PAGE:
BLOOMINGTON, Ill. — Former Indiana Hoosiers Men’s Basketball head coach Bob Knight died at the age of 83 Wednesday, according to the Knight Legacy.

A press release from the family organization said Knight passed away in his Bloomington home surrounded by family.

“It is with heavy hearts that we share that Coach Bob Knight passed away at his home in Bloomington surrounded by his family.  We are grateful for all the thoughts and prayers, and appreciate the continued respect for our privacy as Coach requested a private family gathering, which is being honored.  We will continue to celebrate his life and remember him, today and forever as a beloved Husband, Father, Coach, and Friend.”

Knight Legacy

Knight was a three time national champion as head coach at Indiana, where he collected 662 of his 902 career wins. Knight currently stands sixth all-time in coaching wins across the history of DI college basketball, behind former protégé Mike Krzyzewski (1,202), Jim Boeheim (1,015), Bob Huggins (935), Jim Calhoun (920), and Roy Williams (903).

Courtside, Knight is best remembered for his fiery demeanor from the bench and being the last coach to achieve perfection across a single season at the DI level.

In 1985, Knight was ejected during a game versus Purdue University, where he threw a chair onto the court after drawing a technical foul not five minutes into the game.

Some nine years earlier, the Indiana Hoosiers beat the University of Michigan, 86-68, to claim the 1975-76 NCAA National Championship and complete a perfect season, finishing 32-0. No men’s college basketball team has accomplished the feat since.

Knight would go on to win two more national championships after Indiana’s perfect season in 1975-76 — one at the end of the 1980-81 season, and a third at the end of the 1986-87 season.

Overall, Knight finished his career with a 902-371 record. Before catching on with Indiana, Knight broke into the DI college basketball ranks at Army, where he coached for six years and earned a 102-50 record. After coaching Indiana to a 662-239 over 29 years, Knight was fired by then-Indiana University President Myles Brand in 2000, and picked up the head coaching position at Texas Tech for parts of seven seasons from 2002-08, where he went 138-82.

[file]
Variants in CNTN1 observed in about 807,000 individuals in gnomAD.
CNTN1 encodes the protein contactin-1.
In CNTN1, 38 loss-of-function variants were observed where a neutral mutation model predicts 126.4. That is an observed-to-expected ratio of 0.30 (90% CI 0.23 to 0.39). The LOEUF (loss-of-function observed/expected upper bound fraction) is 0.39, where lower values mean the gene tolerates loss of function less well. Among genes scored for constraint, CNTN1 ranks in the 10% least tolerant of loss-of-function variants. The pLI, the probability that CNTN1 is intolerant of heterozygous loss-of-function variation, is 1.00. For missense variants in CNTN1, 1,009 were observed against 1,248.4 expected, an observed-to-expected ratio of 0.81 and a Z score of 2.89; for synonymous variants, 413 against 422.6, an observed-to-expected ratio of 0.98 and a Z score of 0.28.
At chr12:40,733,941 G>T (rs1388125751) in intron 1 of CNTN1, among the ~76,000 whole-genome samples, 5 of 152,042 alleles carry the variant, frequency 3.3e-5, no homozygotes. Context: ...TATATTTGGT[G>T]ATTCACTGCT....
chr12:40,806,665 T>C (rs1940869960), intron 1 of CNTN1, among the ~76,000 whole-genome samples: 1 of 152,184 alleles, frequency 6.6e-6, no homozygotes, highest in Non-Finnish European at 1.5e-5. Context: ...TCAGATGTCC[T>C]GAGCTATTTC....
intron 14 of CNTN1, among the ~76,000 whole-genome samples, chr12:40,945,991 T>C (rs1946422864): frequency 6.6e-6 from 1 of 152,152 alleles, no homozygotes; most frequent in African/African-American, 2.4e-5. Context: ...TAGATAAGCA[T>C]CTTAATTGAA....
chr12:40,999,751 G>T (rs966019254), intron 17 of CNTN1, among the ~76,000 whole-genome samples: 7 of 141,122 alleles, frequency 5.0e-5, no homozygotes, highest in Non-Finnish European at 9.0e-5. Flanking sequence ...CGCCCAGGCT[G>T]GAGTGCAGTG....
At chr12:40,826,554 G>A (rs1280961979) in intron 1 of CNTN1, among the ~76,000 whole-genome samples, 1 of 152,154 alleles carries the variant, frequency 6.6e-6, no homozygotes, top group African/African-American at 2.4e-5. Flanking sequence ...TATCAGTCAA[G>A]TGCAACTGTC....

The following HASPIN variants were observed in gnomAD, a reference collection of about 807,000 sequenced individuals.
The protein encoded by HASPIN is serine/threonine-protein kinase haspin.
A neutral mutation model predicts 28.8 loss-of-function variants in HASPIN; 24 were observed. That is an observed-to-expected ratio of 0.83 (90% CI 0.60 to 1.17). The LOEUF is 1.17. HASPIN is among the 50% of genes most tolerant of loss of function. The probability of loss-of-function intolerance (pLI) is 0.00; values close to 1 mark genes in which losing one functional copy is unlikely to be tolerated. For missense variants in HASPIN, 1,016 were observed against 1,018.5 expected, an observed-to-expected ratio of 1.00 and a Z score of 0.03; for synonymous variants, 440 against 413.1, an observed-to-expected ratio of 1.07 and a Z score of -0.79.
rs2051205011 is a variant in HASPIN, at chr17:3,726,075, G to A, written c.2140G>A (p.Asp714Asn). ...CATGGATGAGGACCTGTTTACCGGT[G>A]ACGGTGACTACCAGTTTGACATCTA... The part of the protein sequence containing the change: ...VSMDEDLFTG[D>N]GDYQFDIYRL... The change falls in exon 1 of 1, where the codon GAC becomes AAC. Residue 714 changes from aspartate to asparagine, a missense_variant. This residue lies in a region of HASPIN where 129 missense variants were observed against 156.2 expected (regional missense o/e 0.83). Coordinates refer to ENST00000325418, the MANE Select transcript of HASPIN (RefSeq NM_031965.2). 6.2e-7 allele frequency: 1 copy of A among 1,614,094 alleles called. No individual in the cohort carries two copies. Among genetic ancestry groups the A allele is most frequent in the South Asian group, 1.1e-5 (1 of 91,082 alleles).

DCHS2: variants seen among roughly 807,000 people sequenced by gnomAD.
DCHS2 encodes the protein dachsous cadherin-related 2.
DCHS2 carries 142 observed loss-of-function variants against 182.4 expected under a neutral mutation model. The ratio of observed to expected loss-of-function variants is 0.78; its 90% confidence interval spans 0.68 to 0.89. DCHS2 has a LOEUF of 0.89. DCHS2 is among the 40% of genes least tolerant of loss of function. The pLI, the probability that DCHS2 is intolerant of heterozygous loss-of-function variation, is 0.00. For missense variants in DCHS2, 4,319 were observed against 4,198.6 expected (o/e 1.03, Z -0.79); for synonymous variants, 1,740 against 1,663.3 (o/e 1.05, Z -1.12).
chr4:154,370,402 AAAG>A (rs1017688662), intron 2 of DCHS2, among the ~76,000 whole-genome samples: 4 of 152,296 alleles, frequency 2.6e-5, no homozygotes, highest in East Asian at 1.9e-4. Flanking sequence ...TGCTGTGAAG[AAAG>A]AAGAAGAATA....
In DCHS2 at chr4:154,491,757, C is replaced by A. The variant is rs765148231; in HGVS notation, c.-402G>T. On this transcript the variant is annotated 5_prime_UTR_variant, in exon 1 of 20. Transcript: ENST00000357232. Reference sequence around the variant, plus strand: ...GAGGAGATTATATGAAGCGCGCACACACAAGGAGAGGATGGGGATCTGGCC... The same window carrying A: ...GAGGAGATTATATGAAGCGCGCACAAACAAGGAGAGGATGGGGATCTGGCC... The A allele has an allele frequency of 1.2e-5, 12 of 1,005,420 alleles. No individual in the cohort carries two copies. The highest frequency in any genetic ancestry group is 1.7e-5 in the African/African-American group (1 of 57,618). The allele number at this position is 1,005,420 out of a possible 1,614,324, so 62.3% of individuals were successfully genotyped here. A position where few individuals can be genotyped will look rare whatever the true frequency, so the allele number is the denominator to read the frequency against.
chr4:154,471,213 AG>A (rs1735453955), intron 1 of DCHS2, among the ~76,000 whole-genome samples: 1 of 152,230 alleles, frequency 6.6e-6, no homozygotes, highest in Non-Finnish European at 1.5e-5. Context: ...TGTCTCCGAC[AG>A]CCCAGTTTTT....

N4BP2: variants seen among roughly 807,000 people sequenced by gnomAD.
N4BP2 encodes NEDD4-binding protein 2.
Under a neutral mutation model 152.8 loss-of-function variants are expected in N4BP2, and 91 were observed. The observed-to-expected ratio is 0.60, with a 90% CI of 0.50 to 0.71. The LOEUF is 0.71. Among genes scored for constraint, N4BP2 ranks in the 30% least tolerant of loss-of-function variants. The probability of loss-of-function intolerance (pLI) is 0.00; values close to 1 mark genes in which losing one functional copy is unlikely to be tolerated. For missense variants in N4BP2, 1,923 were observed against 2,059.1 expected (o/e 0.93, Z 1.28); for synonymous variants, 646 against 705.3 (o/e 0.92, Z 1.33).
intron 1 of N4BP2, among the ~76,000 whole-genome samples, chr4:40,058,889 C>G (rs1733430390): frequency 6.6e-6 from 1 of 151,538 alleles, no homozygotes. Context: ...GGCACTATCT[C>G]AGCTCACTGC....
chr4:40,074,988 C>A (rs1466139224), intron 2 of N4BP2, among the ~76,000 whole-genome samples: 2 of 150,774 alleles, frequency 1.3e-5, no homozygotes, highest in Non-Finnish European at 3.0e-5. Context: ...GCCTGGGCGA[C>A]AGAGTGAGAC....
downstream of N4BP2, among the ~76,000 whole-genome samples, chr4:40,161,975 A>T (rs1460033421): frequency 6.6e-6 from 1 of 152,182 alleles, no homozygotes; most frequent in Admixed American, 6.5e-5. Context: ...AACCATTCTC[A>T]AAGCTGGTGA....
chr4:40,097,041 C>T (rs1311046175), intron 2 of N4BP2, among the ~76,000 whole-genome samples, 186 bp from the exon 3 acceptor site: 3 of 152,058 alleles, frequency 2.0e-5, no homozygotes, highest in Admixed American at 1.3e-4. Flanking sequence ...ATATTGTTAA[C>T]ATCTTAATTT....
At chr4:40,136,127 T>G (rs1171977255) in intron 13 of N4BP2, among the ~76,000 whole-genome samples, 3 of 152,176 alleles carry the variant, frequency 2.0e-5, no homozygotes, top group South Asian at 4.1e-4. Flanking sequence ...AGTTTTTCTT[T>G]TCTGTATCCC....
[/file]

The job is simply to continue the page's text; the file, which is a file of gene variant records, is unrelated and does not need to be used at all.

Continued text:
Off the court, Knight’s demeanor led him to incidents of physical conflict and controversy throughout his career, which included a conviction for assaulting a police officer in Puerto Rico, headbutting a player while screaming at him on the sideline of a game, accusations of him putting his hands around the neck of another player, and allegedly kicking his own son.

One of the more prominent controversies happened in 1992, where then-Indiana player Calbert Cheaney repeatedly snapped Knight with a towel after an NCAA tournament game in retaliation to his head coach wielding a bullwhip at practice as a joke.

Still, Knight was never found to have officially broken NCAA rules or regulations, and continued to hold himself to a high standard as a coach, even after his departure from Indiana.

According to an ESPN article from 2003, Knight told Texas Tech to keep his entire $250,000 salary because he thought he didn’t do a good enough job coaching his team.

“I’m just not at all satisfied with what transpired with our team in terms of our fundamental execution. I don’t think it’s anybody’s fault but mine,” Knight said in the article.

In lieu of flowers, the Knight family asks those wanting to honor coach Knight’s memory to make a donation toward the Alzheimer’s Association or Marian University.